The Python script ran with the different input argument.

running make command with input argument

To automate the entire workflow, we’ll use all as a target, which will learn, install, format, process, and analyze targets one by one.

$ make all

The make command installed the Python packages, formatted the code, processed the data, and saved the summary and visualizations.

terminal output

data visualization on World Happiness dataset 2023

This is how your project directory should look like after running the make all command:

Project files and folders

Introducing GitHub Actions

While Make excels at local automation within our development environment, GitHub Actions offers a cloud-based alternative.

GitHub Actions is generally used for CI/CD, which allows developers to compile, build, test, and deploy the application to production directly from GitHub.

For example, we can create a custom workflow that will be triggered based on specific events like push or pull requests. That workflow will run shell scripts and Python scripts, or we can even use pre-built actions. The custom workflow is a YML file, and it’s usually pretty straightforward to understand and start writing custom runs and actions.

Core components

Let’s explore the core components of GitHub Actions:

  • Workflows are defined using YML files, which specify the steps that should be executed and the conditions under which they should be executed.
  • Events are specific activities that trigger a workflow run like push, pull_request, schedule, and more.
  • Runners are machines that run the workflows when they're triggered. GitHub provides hosted, free runners for Linux, Windows, and macOS.
  • Jobs are a set of steps executed on the same runner. By default, jobs run in parallel but can be configured to run sequentially.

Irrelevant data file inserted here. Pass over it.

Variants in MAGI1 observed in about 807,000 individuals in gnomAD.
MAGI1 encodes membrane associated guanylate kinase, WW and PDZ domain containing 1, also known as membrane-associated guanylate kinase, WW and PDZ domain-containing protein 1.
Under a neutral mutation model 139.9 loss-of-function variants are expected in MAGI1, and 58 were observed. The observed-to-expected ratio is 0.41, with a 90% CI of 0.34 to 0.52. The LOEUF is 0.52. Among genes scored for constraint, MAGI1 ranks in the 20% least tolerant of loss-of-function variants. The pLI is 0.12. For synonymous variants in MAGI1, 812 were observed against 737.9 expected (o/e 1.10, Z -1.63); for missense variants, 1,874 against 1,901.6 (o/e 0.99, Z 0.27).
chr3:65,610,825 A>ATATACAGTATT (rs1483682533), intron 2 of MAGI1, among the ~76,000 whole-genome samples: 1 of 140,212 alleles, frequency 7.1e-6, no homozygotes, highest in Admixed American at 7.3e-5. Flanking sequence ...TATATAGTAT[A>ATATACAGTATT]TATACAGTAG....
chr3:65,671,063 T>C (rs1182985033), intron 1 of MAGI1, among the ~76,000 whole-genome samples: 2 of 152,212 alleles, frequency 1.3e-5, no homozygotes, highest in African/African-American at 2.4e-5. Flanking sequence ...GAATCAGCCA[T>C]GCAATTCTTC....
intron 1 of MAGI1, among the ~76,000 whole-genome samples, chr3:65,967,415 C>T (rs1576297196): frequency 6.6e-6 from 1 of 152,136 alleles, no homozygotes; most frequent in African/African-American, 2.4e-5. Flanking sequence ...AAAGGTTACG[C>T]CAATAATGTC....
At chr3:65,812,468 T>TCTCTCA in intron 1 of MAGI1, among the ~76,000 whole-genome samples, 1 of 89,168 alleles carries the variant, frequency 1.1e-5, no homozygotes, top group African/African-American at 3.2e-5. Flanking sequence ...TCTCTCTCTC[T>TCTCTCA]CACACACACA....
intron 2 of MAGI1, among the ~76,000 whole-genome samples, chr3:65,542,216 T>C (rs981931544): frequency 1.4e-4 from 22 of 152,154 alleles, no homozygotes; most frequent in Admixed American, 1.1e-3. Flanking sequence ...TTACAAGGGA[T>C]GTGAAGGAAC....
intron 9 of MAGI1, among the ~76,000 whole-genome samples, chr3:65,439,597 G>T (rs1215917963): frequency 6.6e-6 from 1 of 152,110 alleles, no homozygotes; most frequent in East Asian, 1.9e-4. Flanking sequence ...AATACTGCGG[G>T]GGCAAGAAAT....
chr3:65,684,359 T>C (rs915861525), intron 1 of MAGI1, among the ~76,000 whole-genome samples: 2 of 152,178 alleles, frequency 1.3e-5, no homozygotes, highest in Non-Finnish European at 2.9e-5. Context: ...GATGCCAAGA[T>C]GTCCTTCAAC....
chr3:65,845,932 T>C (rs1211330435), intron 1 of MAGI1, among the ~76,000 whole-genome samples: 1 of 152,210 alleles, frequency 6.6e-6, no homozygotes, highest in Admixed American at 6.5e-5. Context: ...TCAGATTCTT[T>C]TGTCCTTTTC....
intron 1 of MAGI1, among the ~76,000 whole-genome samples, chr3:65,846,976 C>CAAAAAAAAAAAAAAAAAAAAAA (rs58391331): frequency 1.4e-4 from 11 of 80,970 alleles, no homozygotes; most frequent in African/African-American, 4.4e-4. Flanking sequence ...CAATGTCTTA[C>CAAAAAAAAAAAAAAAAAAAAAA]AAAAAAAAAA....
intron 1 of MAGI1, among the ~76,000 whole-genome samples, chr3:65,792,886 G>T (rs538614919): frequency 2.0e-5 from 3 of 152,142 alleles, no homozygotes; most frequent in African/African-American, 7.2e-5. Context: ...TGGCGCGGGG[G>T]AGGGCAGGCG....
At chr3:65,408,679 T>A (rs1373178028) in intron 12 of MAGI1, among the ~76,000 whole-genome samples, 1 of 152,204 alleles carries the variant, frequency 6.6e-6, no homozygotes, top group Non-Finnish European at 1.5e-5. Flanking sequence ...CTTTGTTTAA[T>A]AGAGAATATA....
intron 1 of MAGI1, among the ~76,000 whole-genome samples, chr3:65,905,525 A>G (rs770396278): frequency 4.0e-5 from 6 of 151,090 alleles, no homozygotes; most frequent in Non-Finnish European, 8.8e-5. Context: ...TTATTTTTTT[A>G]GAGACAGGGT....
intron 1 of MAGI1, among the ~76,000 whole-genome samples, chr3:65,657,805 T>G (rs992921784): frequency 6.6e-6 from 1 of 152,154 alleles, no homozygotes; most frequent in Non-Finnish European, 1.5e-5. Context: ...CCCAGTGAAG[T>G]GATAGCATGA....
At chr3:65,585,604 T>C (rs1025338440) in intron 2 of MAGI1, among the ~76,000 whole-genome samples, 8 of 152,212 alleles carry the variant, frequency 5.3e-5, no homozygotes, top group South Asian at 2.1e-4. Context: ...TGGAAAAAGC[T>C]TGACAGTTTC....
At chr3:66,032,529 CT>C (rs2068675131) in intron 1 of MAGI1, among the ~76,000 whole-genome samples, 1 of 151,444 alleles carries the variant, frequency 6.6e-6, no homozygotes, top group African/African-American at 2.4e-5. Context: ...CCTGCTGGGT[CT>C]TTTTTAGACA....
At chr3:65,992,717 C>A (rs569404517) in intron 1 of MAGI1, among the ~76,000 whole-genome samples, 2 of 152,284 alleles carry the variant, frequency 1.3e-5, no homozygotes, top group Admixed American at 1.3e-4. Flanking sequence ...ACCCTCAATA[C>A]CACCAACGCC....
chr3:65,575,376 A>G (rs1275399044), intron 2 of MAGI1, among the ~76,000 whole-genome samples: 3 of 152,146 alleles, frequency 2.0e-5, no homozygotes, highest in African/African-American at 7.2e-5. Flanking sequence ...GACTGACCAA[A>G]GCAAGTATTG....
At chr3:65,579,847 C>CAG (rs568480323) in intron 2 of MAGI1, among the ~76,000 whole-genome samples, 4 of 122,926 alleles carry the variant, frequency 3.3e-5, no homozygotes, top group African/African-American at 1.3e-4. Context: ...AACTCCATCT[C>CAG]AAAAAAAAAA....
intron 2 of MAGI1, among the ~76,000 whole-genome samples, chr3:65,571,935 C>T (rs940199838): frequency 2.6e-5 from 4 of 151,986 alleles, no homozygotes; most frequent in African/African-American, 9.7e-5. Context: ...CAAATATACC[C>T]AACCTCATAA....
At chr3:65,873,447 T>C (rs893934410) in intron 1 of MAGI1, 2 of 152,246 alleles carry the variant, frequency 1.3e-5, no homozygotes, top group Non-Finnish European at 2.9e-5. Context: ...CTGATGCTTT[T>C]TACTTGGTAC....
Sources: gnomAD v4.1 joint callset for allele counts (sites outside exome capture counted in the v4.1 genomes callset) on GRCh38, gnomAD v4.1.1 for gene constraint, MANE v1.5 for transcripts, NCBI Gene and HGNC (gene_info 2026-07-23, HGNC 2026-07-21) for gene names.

• Steps are tasks that run commands or actions similar to Makefile actions.
  • Actions are custom applications for the GitHub Actions platform that perform a complex but frequently repeated task. There are many actions to select from, most of which are supported by the open-source community.

Getting Started with GitHub Actions

In this section, we’ll learn to use GitHub Actions and try to replicate the commands we previously used in the Makefile.

To transfer our code to GitHub, we have to convert our project folder to a Git repository using:

$ git init

Then, we create a new repository in GitHub and copy the URL.

Creating the new GitHub repository

In the terminal, we type the commands below to:

  1. Add the remote repository link.
  2. Pull the files from the remote repository.
  3. Add and commit all the files with a commit message.
  4. Push the file from the local master to the remote main branch.
$ git remote add github
$ git pull github main
$ git add . 
$ git commit -m "adding all the files"
$ git push github master:main

As a side note, if you need a brief recap on GitHub or Git, check out this beginner-friendly tutorial on GitHub and Git. It’ll help you version your data science project and share it with the team using the Git CLI tool.

Continuing our lesson—we see that all the files have been successfully transferred to the remote repository.

Pushing the files to remote repository

Next, we’ll create a GitHub Action workflow. We first need to go to the Actions tab on our repository kingabzpro/Makefile-Actions. Then, we click the blue text “set up a workflow yourself.”

getting started with GitHub actions